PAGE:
Successfully moving from a single-industry focus to offering solutions across industries takes more than just a brand refresh. The close backing of AWS, however, gives Arc XP a huge differentiator. And, of course, Bezos's fingerprints across the organization don't hurt.

Joe Williams


Financial fraud isn't waning, and as it increases, security tools designed to protect the data in use need to get stronger to combat more complex fraud. Confidential computing is going to play a big role in the future of financial services.

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This Week On Protocol

Epic takes (another) stand: The gaming company won't require that developers give it a cut of in-app sales on its PC storefront. While the move is a direct shot at rival Steam, Protocol's new gaming reporter, Nick Statt, says it's also an extension of Epic's legal fight against Apple. The companies are scheduled to go to trial next month.

Blockchain's bubble bursts: While there was a lot of hype over the past few years surrounding the technology, few enterprises are using blockchain applications at the scale with which they are using other tools, reports Protocol's Tom Krazit. Still, vendors and companies are still trying to find that killer app. And some even believe blockchain could serve as a critical foundation for a decentralized internet.

Five Questions For...

Chris Hass, Director of Information Security and Research, Automox

What was your first tech job?

My first job in tech was working for Geek Squad at Best Buy. I was pretty terrible at it because I would often fix customers' computers without charging a service fee or pushing tech support subscriptions. I got to see firsthand the huge impact that malware or even scammy tech support companies can have on the everyday consumer.

What was the first computer that made you realize the power of computing and connectivity?

I was raised in a very rural town in southwest Michigan, on a road that still does not have high-speed internet. My first computer that made me realize the power of computing was a gaming laptop I bought my freshman year of college. I was able to play video games with people across the globe with that computer, I wrote my first application on that computer and I may have cracked my neighbors' Wi-Fi password with that computer.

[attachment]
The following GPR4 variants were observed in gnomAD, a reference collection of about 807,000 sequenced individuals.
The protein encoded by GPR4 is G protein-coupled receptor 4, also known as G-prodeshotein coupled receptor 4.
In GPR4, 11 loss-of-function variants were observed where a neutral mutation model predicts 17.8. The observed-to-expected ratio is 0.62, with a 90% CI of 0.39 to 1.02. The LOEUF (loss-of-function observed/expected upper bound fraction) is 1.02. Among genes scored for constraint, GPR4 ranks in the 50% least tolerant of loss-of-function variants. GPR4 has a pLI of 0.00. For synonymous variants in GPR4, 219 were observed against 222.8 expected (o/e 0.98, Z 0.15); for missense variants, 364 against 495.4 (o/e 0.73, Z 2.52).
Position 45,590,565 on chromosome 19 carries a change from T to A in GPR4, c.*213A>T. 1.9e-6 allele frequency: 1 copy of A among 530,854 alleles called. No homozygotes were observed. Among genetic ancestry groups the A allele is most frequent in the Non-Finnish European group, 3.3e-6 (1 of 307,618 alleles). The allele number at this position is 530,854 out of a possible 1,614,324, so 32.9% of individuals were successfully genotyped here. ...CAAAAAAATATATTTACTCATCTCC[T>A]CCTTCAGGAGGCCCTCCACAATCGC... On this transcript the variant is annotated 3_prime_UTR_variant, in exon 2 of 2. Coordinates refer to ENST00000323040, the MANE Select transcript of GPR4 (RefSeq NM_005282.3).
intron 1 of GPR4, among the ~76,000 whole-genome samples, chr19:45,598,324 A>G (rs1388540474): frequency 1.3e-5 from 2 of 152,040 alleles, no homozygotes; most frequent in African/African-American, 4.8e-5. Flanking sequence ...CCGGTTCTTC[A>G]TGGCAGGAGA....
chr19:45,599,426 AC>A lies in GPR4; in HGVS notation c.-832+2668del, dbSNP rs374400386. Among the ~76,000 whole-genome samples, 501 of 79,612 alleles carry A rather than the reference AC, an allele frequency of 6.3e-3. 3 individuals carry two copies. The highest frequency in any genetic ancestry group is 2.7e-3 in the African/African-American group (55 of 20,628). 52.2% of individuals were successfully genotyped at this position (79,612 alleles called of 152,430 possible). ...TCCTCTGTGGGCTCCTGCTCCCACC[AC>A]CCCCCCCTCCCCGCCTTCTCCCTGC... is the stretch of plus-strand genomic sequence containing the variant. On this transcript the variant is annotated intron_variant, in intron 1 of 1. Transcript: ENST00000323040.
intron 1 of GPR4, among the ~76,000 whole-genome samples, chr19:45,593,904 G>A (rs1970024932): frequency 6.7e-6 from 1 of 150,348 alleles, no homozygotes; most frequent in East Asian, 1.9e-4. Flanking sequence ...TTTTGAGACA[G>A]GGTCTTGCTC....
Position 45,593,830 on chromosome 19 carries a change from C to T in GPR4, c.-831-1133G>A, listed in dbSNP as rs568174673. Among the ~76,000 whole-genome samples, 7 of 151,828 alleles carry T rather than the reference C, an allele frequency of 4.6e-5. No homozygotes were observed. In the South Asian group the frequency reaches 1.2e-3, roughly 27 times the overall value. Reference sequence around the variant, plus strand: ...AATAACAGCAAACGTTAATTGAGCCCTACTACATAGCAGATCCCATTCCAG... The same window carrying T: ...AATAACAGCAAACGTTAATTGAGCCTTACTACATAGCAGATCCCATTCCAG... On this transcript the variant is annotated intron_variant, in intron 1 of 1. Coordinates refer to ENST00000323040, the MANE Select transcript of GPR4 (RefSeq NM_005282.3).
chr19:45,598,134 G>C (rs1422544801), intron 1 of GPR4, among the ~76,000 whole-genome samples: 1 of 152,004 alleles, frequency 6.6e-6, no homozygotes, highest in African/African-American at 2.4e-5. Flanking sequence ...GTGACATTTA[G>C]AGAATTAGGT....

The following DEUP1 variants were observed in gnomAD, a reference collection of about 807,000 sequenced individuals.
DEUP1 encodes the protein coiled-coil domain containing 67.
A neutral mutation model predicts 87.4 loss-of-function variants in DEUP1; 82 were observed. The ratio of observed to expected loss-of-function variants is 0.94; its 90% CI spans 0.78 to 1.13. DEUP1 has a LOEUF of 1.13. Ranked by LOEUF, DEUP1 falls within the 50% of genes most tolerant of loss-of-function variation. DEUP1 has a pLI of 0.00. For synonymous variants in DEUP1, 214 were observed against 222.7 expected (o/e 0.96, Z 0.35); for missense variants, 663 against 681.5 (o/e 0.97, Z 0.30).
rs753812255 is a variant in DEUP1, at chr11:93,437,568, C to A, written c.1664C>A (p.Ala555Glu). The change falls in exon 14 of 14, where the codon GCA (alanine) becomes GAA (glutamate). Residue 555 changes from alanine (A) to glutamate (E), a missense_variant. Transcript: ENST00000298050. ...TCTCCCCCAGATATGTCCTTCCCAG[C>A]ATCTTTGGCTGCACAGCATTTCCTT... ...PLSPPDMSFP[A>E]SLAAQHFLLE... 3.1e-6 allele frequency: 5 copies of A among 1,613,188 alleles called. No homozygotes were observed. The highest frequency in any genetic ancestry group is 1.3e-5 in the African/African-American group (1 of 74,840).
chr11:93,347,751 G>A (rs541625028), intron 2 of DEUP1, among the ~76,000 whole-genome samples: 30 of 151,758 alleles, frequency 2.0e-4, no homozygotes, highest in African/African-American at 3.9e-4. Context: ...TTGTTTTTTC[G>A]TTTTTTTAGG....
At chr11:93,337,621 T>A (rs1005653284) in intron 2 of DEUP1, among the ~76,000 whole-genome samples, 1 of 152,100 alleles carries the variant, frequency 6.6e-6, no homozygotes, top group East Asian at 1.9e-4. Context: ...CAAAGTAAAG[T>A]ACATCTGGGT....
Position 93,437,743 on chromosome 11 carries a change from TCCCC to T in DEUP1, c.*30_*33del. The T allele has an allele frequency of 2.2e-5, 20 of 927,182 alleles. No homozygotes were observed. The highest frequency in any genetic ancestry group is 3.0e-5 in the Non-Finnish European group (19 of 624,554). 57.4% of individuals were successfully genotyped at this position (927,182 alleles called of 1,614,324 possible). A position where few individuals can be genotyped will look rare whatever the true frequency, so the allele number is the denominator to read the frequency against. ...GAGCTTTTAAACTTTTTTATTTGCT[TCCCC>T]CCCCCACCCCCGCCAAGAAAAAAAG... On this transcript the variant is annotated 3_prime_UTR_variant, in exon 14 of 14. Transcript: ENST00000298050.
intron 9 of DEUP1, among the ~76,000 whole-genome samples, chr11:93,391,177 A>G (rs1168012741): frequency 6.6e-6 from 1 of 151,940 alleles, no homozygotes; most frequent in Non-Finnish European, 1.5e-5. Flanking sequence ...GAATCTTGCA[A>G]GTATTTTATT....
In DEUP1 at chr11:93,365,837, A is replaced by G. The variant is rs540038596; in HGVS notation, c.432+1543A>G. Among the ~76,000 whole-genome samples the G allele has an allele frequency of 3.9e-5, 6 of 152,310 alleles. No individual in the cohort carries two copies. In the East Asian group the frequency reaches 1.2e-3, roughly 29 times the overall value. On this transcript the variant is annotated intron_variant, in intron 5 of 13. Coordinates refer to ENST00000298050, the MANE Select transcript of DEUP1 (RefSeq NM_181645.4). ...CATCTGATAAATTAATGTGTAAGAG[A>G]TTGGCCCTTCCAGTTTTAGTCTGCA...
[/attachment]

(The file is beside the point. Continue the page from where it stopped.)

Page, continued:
What will be the biggest challenge for cloud computing over the coming decade?

Over the next decade, security and privacy compliance will become more important and complex. There have been several new compliance standards since GDPR. With the changes coming to CCPA, and the everyday consumer becoming more aware and concerned about where their data is transmitted, stored and processed, compliance and security standards will continue to be developed and implemented more rapidly.

What is one book that changed your professional mindset?

"Tribe of Hackers" by Marcus J. Carey and Jennifer Jin. It's essentially a collection of security advice from many of the people I look up to in the industry.

Who do you look to as a mentor?

My father was always my biggest supporter and mentor. He owned and operated his roofing business for almost 50 years, never having a crew of more than two or three people. He was the hardest working person I know and he taught me some of the most important life lessons.

Around the Enterprise


Financial fraud isn't waning, and as it increases, security tools designed to protect the data in use need to get stronger to combat more complex fraud. Confidential computing is going to play a big role in the future of financial services.

Learn more

Thanks for reading — see you Thursday.